Upward Bow or Wheel Pose
Ah, beautiful urdhva dhanurasana. As the arms and legs press strongly down into the ground like pillars, the entire length of the spine curves into a deep, even arch. It's striking, it's inspiring, and it's...well, everywhere. Walk into nearly any hatha yoga class at any time of day, and you're likely to encounter the pose that is also known as Upward Bow or Wheel Pose.It s easy to feel simultaneously seduced and humiliated by Urdhva Dhanurasana. The pose might evoke a burning desire to achieve and conquer this backbend, but if you're a beginner, you might feel fearful that you won't make it up. And if you re a more experienced student who has pressed up dozens of times, you might find yourself wondering, "Is it still supposed to feel like this? Am I supposed to feel the lower-back twinges, the shoulder soreness, and the occasional after-class sacral aches?
Lie supine on the floor. Bend your knees and set your feet on the floor, heels as close to the sitting bones as possible. Bend your elbows and spread your palms on the floor beside your head, forearms relatively perpendicular to the floor, fingers pointing toward your shoulders. Pressing your inner feet actively into the floor, exhale and push your tailbone up toward the pubis, firming (but not hardening) the buttocks, and lift the buttocks off the floor. Keep your thighs and inner feet parallel. Take 2 or 3 breaths. Then firmly press the inner hands into the floor and your shoulder blades against the back and lift up onto the crown of your head. Keep your arms parallel. Take 2 or 3 breaths.Press your feet and hands into the floor, tailbone and shoulder blades against your back, and with an exhalation, lift your head off the floor and straighten your arms. Turn the upper thighs slightly inward and firm the outer thighs. Narrow the hip points and lengthen the tailbone toward the backs of the knees, lifting the pubis toward the navel.Turn the upper arms outward but keep the weight on the bases of the index fingers. Spread the shoulder blades across the back and let the head hang, or lift it slightly to look down at the floor. Stay in the pose anywhere from 5 to 10 seconds or more, breathing easily. Repeat anywhere from 3 to 10 times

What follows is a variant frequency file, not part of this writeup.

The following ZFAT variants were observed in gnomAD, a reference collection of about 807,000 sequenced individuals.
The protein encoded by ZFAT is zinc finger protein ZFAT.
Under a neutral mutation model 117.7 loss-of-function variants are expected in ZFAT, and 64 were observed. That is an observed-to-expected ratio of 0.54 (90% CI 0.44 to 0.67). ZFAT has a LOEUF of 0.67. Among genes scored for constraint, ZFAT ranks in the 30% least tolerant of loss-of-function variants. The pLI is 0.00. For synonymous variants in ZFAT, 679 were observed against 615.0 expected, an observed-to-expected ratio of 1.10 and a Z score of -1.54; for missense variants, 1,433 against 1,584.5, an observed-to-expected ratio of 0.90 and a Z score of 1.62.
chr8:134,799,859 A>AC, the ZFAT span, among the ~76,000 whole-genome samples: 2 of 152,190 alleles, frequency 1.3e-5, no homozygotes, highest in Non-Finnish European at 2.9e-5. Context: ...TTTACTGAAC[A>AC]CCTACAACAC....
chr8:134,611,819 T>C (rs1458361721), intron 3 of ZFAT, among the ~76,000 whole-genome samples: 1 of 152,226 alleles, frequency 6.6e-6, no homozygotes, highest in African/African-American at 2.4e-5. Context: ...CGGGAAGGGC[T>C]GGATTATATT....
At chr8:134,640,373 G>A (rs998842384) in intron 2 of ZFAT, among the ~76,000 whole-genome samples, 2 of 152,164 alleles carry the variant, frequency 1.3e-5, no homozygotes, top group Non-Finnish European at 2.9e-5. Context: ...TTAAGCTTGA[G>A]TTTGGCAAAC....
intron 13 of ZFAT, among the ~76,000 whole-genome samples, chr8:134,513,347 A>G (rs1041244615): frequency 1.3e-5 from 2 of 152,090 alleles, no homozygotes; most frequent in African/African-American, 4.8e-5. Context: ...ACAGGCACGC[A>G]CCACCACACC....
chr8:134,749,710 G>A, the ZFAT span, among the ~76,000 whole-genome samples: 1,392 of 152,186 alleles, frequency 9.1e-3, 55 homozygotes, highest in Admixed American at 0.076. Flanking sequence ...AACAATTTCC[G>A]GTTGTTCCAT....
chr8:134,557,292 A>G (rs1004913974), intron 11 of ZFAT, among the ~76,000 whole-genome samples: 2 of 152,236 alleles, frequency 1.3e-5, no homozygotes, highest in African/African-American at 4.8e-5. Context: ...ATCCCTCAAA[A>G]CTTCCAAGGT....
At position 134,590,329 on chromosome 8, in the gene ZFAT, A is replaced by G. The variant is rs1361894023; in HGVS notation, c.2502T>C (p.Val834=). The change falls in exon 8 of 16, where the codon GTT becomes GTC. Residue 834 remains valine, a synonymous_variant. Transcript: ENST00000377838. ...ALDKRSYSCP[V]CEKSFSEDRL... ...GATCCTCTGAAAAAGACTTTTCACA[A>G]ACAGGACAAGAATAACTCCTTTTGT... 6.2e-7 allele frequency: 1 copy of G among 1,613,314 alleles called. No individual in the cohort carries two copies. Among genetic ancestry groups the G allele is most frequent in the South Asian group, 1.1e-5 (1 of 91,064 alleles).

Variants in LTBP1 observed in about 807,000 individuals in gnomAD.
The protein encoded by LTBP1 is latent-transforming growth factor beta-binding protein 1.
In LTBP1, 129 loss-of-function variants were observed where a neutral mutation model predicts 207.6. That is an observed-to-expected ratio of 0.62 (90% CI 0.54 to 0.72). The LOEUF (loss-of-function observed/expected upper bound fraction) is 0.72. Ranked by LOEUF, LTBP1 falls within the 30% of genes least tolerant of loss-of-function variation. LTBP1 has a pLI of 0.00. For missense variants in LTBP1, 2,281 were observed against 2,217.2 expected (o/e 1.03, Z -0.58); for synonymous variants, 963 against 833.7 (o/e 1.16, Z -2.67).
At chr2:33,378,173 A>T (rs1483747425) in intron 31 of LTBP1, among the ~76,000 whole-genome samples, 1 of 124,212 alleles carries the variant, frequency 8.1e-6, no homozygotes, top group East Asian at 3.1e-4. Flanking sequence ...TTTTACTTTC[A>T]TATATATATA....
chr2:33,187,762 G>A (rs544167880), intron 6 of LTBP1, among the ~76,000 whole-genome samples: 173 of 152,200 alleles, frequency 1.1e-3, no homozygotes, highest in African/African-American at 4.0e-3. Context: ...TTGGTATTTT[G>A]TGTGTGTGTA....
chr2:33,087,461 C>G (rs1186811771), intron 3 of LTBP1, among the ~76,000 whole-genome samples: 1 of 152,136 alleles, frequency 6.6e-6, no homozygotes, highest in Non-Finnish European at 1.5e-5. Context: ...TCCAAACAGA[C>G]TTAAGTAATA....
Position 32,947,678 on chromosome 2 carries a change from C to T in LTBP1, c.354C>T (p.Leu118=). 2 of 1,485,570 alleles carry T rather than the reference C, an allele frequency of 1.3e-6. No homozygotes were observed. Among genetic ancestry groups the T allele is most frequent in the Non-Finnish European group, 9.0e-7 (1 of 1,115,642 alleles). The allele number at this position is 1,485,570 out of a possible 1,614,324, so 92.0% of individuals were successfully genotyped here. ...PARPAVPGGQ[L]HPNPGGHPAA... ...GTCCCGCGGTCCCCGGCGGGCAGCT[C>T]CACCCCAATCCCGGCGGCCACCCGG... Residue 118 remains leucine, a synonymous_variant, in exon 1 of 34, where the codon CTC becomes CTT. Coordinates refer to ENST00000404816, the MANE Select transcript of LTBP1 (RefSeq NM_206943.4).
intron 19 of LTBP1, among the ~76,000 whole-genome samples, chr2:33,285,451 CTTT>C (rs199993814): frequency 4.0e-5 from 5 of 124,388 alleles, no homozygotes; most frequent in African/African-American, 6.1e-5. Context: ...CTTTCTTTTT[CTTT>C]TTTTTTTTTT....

Expands your chest and shoulders.Stretches you hip flexors and core musculature.Stretches your wrist flexor muscles. Strengthens the muscles that control your shoulder blades. Stengthens your gluteus muscles of your hip and hamstrings at the back of your thighs. Strengthens your low back musculature.Relieves some forms of low back pain. Therapeutic for asthma, opening the accessory muscles of breathing.Traditionally thought to stimulate the thyroid and pituitary glands, counteract depression and aid in infertility.
Avoide the pose or practicing with care if you suffer from back injury, carpal tunnel syndrome, diarrhea, headache, heart problems, and low or high blood pressure. If you have weak wrists, perform the pose with your hands pointing in the opposite direction to your feet. This will reduce the strain on your wrists.
In Urdhva Dhanurasana, the direction of the shoulders shifts to a position of forward or frontal flexion (compared with poses that extend the shoulders away from the back). Thus the shoulder stretch changes here: the muscles that extend the arms are now lengthening. The arch of the torso is raised higher, taking the front of the body into a deeper stretch. The muscles at the front of the pelvis lengthen more because the hips are in greater extension. Firmly extending the elbows and the knees creates subplots to the main story of this pose, deepening it. The hands and feet are fixed to the mat, so the energy of straightening the arms and legs is transferred to the trunk, indirectly extending the back and hips and stretching the front of the body.
Parirutha Janu Shrishasana
Setu Banda Sarvangasana
Dwi pada Shirshasana